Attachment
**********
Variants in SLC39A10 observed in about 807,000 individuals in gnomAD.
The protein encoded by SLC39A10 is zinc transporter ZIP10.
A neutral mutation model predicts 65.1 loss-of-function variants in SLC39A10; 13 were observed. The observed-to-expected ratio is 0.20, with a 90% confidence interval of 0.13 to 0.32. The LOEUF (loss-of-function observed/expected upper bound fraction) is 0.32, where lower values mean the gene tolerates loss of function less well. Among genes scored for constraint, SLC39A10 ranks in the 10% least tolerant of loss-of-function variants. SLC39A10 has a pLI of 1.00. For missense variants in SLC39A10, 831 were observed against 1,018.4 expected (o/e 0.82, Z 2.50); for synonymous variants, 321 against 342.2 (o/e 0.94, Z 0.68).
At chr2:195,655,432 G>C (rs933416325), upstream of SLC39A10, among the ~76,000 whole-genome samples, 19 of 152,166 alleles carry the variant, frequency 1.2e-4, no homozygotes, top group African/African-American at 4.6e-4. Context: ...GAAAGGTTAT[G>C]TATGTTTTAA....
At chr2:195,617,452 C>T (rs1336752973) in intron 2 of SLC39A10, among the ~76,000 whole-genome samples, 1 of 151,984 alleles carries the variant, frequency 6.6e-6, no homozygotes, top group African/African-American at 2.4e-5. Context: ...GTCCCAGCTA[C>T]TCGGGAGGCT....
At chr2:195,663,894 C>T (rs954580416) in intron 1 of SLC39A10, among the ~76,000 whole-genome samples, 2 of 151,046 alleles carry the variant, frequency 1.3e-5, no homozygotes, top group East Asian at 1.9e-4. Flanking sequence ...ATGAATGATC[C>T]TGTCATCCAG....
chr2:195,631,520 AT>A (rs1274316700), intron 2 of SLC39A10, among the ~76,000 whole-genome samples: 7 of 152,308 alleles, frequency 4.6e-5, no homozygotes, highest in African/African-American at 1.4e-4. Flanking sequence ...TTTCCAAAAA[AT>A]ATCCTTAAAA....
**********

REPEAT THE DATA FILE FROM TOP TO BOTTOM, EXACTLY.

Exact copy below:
Variants in SLC39A10 observed in about 807,000 individuals in gnomAD.
The protein encoded by SLC39A10 is zinc transporter ZIP10.
A neutral mutation model predicts 65.1 loss-of-function variants in SLC39A10; 13 were observed. The observed-to-expected ratio is 0.20, with a 90% confidence interval of 0.13 to 0.32. The LOEUF (loss-of-function observed/expected upper bound fraction) is 0.32, where lower values mean the gene tolerates loss of function less well. Among genes scored for constraint, SLC39A10 ranks in the 10% least tolerant of loss-of-function variants. SLC39A10 has a pLI of 1.00. For missense variants in SLC39A10, 831 were observed against 1,018.4 expected (o/e 0.82, Z 2.50); for synonymous variants, 321 against 342.2 (o/e 0.94, Z 0.68).
At chr2:195,655,432 G>C (rs933416325), upstream of SLC39A10, among the ~76,000 whole-genome samples, 19 of 152,166 alleles carry the variant, frequency 1.2e-4, no homozygotes, top group African/African-American at 4.6e-4. Context: ...GAAAGGTTAT[G>C]TATGTTTTAA....
At chr2:195,617,452 C>T (rs1336752973) in intron 2 of SLC39A10, among the ~76,000 whole-genome samples, 1 of 151,984 alleles carries the variant, frequency 6.6e-6, no homozygotes, top group African/African-American at 2.4e-5. Context: ...GTCCCAGCTA[C>T]TCGGGAGGCT....
At chr2:195,663,894 C>T (rs954580416) in intron 1 of SLC39A10, among the ~76,000 whole-genome samples, 2 of 151,046 alleles carry the variant, frequency 1.3e-5, no homozygotes, top group East Asian at 1.9e-4. Flanking sequence ...ATGAATGATC[C>T]TGTCATCCAG....
chr2:195,631,520 AT>A (rs1274316700), intron 2 of SLC39A10, among the ~76,000 whole-genome samples: 7 of 152,308 alleles, frequency 4.6e-5, no homozygotes, highest in African/African-American at 1.4e-4. Flanking sequence ...TTTCCAAAAA[AT>A]ATCCTTAAAA....